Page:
The First Reform Act abolished 56 rotten boroughs, created 67 new boroughs to give high-population areas more representation, and gave the vote to all male Britons who owned land, or paid more than £10 a year in rent.
America needs a similar effort to clean up the US Senate. Potential Senate clean-up reforms include abolishing the Senate, increasing the number of states, abolishing states, and giving high-population states more US senators. My favorite solution is to give each state an additional Senator for every five million people. Under that system, Florida would have six senators.
The problem is that any of those solutions require changing the Constitution. There are two ways to change the Constitution, a Constitutional Convention and Amendments. Unfortunately, both methods require a vote of two-thirds of state legislatures.
Hence, you will need small state support to change the Constitution. I cannot imagine small state legislators voting to limit their states’ power without guns pointing at their heads.
Why the Senate will have to Change
The US Senate will have to change because by 2040 just 30 Senators could represent 70% of Americans.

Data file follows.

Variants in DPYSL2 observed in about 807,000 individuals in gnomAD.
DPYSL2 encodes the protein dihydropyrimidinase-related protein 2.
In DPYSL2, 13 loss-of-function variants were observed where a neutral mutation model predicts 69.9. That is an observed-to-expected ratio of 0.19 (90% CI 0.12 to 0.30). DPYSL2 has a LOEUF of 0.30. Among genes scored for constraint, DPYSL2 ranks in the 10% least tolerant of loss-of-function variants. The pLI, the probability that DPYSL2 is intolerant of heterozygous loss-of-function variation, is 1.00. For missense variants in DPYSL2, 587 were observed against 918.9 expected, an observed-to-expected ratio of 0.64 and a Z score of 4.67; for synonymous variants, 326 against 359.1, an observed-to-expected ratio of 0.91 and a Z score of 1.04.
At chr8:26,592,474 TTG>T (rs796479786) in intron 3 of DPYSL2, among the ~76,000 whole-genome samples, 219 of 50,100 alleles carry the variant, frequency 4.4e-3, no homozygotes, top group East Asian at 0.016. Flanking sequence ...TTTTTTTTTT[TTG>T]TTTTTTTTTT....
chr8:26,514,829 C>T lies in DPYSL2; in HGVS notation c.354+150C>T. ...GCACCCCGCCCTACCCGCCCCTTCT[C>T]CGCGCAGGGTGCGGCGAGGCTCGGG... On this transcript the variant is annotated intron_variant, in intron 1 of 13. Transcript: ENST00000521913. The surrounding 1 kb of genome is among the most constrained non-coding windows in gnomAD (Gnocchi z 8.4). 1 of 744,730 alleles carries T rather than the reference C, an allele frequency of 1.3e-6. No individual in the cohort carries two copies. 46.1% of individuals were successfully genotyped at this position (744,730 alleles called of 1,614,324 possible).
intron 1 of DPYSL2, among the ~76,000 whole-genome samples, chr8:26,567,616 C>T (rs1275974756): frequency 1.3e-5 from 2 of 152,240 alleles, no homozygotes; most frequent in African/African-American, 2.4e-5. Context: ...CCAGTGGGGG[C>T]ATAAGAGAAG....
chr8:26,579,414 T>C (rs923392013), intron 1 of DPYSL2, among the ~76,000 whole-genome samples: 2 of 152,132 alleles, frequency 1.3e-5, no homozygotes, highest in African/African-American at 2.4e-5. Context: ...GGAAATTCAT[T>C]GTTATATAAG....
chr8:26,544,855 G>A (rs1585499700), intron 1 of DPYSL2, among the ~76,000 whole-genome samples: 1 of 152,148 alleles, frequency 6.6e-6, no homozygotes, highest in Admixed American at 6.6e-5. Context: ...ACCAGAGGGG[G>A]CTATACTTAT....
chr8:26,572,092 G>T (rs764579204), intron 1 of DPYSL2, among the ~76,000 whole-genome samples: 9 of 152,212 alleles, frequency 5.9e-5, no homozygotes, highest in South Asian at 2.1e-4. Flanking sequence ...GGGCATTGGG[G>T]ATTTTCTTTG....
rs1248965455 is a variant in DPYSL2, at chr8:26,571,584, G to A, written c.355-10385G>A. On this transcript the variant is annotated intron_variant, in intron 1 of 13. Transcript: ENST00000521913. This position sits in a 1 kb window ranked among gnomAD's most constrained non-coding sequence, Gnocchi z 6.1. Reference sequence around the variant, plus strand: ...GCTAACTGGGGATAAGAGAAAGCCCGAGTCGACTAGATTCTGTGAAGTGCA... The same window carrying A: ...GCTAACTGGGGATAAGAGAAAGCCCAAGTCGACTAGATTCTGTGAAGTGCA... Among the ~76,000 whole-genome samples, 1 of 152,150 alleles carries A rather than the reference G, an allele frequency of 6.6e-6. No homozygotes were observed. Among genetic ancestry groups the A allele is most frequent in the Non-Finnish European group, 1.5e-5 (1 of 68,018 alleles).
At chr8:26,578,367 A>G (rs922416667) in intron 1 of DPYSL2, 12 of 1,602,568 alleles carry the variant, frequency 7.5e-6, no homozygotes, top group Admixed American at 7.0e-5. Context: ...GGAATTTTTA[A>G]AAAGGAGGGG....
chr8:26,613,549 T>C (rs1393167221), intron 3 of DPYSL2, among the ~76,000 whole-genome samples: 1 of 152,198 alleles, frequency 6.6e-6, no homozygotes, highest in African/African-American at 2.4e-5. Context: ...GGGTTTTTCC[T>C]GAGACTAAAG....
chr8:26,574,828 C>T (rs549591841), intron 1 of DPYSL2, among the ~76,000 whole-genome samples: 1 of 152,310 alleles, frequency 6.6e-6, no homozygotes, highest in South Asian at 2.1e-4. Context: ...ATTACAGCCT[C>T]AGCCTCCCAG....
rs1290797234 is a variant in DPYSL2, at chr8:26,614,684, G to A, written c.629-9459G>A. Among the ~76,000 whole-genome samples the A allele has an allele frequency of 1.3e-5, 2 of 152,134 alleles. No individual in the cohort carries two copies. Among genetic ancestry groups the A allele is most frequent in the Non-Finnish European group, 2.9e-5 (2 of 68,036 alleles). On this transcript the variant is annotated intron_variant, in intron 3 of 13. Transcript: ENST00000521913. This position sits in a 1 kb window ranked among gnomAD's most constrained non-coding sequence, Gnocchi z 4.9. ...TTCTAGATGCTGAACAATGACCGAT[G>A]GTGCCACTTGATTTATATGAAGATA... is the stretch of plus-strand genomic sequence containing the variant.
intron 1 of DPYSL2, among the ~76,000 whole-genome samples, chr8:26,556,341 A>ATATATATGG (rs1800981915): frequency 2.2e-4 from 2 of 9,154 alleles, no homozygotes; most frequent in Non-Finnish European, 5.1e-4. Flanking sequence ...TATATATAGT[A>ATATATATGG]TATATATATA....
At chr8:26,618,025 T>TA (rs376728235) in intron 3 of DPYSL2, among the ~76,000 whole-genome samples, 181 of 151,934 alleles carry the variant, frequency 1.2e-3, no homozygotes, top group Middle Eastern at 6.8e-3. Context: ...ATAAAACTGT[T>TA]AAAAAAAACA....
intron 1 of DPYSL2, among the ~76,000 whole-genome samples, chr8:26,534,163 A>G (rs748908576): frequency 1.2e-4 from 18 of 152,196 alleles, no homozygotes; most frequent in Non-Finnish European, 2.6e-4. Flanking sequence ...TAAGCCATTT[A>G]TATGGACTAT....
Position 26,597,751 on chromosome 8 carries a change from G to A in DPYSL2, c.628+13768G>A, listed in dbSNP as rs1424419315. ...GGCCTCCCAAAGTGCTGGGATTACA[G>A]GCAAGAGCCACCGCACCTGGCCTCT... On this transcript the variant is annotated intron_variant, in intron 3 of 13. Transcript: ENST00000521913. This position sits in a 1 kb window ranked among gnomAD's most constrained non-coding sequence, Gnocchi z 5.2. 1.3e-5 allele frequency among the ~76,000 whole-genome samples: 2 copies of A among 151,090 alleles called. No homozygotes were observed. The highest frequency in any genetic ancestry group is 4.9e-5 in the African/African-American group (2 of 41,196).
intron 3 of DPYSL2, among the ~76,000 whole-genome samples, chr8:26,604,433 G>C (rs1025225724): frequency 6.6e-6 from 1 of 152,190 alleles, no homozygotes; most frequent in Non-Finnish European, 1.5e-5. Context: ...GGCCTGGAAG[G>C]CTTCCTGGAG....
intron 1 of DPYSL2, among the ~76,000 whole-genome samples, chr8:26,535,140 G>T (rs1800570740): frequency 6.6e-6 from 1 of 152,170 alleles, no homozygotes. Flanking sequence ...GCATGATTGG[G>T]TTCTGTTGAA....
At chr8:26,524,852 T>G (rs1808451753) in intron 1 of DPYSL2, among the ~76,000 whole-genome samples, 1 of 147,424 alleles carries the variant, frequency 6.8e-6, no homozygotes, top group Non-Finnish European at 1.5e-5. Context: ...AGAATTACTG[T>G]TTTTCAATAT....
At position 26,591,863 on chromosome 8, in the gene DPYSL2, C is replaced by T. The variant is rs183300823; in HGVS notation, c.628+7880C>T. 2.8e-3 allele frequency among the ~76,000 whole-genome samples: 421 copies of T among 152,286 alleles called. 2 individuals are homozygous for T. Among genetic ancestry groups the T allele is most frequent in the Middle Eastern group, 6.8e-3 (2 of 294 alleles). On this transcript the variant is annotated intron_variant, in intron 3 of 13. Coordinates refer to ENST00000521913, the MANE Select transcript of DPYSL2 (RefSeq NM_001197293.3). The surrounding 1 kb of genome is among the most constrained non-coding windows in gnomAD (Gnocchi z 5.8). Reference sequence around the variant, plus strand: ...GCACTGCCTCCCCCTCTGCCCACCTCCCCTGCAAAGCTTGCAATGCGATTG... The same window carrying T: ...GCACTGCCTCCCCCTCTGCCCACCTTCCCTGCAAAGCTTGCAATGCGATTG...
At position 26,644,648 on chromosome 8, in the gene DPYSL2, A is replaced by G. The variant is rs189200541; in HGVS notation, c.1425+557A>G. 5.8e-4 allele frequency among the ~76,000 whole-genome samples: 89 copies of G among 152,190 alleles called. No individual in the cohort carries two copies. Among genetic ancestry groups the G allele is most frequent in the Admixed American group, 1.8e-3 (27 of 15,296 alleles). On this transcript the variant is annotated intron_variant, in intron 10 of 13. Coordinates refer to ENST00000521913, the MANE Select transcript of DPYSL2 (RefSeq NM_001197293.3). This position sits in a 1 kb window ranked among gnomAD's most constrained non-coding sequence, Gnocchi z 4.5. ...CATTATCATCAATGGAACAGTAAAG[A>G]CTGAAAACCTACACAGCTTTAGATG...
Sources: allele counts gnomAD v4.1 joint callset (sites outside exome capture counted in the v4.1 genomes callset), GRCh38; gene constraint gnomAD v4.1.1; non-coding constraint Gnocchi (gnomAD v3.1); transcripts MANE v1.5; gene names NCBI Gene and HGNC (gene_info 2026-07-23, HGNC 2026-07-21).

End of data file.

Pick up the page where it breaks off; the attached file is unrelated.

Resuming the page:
To explain, David Birdsell estimates 70% of Americans will live in 15 states in 2040, The Washington Post’s Philip Bump reveals. Each of those states will have two US Senators, under the present Constitution. In contrast, 30% of Americans will elect 70 US Senators if Birdsell is correct. Birdsell is the Dean of public and international affairs at Baruch College.
Obviously, such an arrangement is not democratic. Indeed, it will be plutocracy if the present trend of millionaire US Senators holds. Worse, those millionaire Senators from their safe rotten borough states will no incentive to do anything for 70% of Americans.
Lack of representation can lead to misery for ordinary people. For example, the US Supreme Court ruled they can exclude residents of Puerto Rico from the Social Security Income program for the blind and the disabled on 21 April 2022, NPR reports.
The conservative extremists on the Supreme Court were free to take that drastic action because Puerto Rico has no congressional representation. Hence, there’s no danger of the Senate taking action against the Supremes for their extreme behavior.
What happens with a conservative majority US Supreme Court only accountable to a Senate full of plutocrats from low-population states? Worse, a US Supreme Court whose members have a narrow vision of conservatism, in which only the rich and corporations have rights. Will we see rulings that abolish Social Security or Medicare?
That sounds like a prescription for revolution or Civil War to me. Over the last two years, America has experienced the worst civil unrest the nation has seen in over a century. The popular reactions against a Billionaire’s Club Senate and an extremist Supreme court elected by less than a third of the population will be far worse.
America needs to fix its rotten US Senate now before the lack of representation leads to bloodshed.